On the morning Steve and I went to hunt him, we got in our blind before daylight, heard the bird fly down out in the field and listened to him gobble like a politician trying to drum up votes. Every time that bird gobbled, I’d have to mentally fight the urge to pick up my slate call and give him just one or two yelps. As I started reaching for the call, a voice deep down in my soul would say, “Don’t do it, Bo. If you call to him, you won’t take him.” So, from daylight until 4:30 pm, we sat still in that blind and listened to that turkey gobble, breed hens, strut and drum. Finally, at 4:30 pm, I saw the Cussing Gobbler coming down the road. I told Steve to get ready. I knew that tClick to enlargeoday was the day this old bird that had been tormenting me for so long was about to go to that great roost tree in the sky. Steve had his gun up and was ready to make the shot, but I wanted the turkey to get really close so that there was no way Steve could miss. When the bird was at 35 yards, I told Steve he was almost within killing range, but we let him come a little closer. Finally, when the old gobbler was at 25 steps, I told Steve to take him. For the rest of my life, I’ll always see and remember what happened.

At the report of the shotgun, the Cussing Gobbler turned quickly and started running back down the road the way he’d come. He gathered himself up, got his wings out and went airborne. The bird flew about 300 yards, landed in a big tree and stood there looking back toward where the shot had come. I still can see that gobbler now standing in that tree with his neck bobbing back and forth, looking for us. I turned to Steve and said, “That’s good. You didn’t hurt him. You missed him clean, and it looks like he’ll survive another season. That @#!?&*@ ole turkey just out-turkeyed us again today.” Just as we were getting up to leave, I looked back at the @#!?&*@ Cussing Gobbler and he began to rock back and forth. Then all of a sudden, like someone had hit him right between the eyes with a baseball bat, he fell backwards out of that tree. The bird didn’t flutter or flop. He just fell stone-cold dead off that limb. We went over and recovered him. He had some of the longest spurs of any tom ever taken at White Oak Plantation. Over the years, that @#$%*&@ ole turkey taught me that an old turkey can learn. He learned the voices of the other turkeys there, all the calls of the hunters in his area and all the tricks that turkey hunters tried to play on gobblers. From that turkey, I learned that if you’re willing to wait, and if you learn to hunt on turkey time rather than your own time, you can take old gobblers.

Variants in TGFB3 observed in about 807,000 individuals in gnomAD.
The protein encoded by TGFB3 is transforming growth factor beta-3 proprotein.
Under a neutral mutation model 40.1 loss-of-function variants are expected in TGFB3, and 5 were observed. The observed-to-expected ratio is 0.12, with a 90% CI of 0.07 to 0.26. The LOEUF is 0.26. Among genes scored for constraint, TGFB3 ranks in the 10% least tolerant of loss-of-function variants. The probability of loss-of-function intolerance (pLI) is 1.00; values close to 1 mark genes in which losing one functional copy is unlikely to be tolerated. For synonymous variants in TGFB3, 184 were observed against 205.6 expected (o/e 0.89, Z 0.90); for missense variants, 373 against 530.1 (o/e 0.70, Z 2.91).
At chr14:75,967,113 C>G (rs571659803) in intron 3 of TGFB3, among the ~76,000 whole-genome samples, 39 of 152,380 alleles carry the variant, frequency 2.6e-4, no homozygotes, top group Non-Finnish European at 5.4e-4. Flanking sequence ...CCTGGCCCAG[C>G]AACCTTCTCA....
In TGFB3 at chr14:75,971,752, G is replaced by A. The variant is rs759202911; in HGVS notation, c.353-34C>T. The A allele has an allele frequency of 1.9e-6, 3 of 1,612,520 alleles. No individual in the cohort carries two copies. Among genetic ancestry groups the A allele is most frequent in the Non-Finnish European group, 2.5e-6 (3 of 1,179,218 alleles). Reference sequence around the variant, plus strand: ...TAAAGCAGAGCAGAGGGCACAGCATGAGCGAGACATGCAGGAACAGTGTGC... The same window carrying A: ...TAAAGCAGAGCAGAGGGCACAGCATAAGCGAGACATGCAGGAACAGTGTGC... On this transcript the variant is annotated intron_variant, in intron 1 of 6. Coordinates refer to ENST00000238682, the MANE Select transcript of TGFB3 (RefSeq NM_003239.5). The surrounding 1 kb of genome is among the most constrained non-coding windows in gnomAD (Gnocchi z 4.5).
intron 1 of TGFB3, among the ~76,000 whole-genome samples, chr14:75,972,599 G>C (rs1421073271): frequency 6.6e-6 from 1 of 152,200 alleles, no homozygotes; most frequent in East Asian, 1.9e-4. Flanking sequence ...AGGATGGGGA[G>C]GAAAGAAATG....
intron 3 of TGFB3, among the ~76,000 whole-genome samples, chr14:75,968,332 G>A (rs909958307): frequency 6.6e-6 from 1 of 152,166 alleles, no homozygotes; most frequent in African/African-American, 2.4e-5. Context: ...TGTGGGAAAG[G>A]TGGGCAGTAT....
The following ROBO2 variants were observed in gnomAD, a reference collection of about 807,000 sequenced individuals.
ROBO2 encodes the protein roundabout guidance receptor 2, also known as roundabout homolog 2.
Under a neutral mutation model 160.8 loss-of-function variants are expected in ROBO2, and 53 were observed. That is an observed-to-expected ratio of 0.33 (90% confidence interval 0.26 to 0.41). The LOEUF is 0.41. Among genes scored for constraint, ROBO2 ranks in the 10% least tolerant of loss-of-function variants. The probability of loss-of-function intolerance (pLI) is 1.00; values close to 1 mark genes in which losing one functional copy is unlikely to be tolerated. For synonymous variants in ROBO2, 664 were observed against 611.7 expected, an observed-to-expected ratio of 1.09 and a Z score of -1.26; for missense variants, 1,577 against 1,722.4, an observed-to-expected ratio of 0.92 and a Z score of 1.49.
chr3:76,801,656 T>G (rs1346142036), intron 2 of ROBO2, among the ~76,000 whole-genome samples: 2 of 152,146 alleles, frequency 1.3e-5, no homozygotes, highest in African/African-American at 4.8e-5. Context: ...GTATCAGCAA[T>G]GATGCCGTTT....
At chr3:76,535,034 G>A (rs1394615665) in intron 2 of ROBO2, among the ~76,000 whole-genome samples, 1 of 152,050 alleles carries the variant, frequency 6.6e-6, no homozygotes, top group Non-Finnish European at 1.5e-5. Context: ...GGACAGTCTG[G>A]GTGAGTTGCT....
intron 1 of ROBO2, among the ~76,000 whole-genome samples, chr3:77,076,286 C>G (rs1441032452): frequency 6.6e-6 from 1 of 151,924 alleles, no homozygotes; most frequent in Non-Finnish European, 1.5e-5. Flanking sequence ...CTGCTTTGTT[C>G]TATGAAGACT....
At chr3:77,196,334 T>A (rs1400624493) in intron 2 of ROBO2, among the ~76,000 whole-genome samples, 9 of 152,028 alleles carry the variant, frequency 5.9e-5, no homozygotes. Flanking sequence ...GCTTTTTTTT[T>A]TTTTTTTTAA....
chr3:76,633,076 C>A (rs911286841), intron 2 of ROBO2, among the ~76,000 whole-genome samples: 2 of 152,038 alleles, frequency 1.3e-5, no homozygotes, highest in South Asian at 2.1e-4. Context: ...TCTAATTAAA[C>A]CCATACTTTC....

For more information on hunting at White Oak Plantation, call (334) 727-9258, or visit, or email

Tomorrow: Understanding Turkey Time

Check back each day this week for more about "Turkey Hunting with Bo Pitman of White Oak Plantation"

Day 1: The Cussing Gobbler
Day 2: Understanding Turkey Time
Day 3: Stuff You’ve Gotta Have
Day 4: Why Your Gun Doesn’t Shoot Straight
Day 5: Stingy Calling



Entry 392, Day 1